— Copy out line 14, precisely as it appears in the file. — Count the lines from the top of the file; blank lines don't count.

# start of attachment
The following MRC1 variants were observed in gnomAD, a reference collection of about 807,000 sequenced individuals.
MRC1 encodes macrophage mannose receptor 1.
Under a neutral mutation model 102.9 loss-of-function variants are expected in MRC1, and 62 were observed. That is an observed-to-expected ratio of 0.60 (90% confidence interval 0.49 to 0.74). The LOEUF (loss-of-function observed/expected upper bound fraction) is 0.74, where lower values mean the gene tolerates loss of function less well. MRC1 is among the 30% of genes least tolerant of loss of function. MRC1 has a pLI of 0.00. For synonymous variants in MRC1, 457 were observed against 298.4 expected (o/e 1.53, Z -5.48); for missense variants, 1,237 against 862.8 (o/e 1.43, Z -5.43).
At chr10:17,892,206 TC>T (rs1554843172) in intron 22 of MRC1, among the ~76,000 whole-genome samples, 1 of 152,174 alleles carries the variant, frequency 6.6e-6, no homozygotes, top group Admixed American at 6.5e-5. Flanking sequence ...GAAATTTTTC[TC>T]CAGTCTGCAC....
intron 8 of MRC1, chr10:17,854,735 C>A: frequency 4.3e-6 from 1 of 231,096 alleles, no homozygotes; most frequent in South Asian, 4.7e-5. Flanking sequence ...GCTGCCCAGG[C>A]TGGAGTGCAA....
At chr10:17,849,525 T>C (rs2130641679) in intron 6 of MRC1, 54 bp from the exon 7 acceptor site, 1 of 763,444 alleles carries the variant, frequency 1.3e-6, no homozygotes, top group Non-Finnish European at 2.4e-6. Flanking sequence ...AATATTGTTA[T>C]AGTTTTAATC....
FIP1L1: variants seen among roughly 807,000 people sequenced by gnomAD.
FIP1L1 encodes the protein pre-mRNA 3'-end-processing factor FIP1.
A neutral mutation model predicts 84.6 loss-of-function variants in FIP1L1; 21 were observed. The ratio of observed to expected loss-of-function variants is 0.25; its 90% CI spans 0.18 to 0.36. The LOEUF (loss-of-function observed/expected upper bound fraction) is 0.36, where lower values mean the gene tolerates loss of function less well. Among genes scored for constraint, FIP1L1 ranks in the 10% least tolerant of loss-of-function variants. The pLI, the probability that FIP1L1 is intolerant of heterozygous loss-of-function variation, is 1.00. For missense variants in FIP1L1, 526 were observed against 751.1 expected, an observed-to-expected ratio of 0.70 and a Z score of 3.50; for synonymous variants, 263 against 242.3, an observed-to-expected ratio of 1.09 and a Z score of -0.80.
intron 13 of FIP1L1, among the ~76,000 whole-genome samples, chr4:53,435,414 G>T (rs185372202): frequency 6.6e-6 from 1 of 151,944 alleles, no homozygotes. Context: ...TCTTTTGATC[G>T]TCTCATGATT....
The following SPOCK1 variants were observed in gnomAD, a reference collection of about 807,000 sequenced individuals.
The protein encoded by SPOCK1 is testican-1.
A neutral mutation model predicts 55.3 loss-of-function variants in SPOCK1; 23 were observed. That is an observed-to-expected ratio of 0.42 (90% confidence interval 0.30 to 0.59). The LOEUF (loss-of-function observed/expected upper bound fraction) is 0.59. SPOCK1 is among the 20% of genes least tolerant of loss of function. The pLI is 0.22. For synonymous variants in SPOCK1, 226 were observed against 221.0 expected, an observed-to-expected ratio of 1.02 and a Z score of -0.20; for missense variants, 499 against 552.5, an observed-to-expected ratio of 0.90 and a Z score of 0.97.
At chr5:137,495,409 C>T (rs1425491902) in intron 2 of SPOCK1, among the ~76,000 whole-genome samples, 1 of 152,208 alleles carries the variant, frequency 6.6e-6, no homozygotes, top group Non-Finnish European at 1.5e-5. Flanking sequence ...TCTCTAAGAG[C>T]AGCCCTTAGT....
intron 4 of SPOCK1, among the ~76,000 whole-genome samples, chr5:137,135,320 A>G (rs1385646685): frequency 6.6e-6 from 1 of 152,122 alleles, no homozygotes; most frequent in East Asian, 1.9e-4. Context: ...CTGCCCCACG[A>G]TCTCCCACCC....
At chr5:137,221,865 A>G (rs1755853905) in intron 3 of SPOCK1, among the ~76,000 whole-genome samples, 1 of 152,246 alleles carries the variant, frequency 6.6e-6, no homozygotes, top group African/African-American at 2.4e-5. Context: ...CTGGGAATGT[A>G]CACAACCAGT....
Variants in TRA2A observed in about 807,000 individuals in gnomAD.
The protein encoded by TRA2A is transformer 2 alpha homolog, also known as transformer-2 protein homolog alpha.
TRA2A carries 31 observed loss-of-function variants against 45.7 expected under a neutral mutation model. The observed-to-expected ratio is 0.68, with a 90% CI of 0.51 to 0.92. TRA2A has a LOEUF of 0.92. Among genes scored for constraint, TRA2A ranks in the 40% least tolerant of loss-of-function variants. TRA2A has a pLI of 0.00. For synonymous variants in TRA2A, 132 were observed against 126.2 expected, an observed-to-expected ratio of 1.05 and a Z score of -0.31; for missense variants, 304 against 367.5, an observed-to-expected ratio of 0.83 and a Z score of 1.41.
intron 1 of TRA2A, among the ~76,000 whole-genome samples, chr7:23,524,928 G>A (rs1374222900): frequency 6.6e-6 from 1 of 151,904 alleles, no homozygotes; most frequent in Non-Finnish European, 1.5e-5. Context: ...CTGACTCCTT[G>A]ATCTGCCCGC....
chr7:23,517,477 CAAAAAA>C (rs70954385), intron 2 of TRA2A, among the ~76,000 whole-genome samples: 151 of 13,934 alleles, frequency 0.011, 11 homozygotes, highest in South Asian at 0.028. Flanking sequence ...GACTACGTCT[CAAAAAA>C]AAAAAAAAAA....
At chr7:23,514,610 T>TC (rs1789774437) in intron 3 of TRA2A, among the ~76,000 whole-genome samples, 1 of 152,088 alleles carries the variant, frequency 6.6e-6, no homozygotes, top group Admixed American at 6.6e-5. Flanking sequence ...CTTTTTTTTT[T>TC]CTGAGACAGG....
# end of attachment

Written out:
At chr5:137,495,409 C>T (rs1425491902) in intron 2 of SPOCK1, among the ~76,000 whole-genome samples, 1 of 152,208 alleles carries the variant, frequency 6.6e-6, no homozygotes, top group Non-Finnish European at 1.5e-5. Flanking sequence ...TCTCTAAGAG[C>T]AGCCCTTAGT....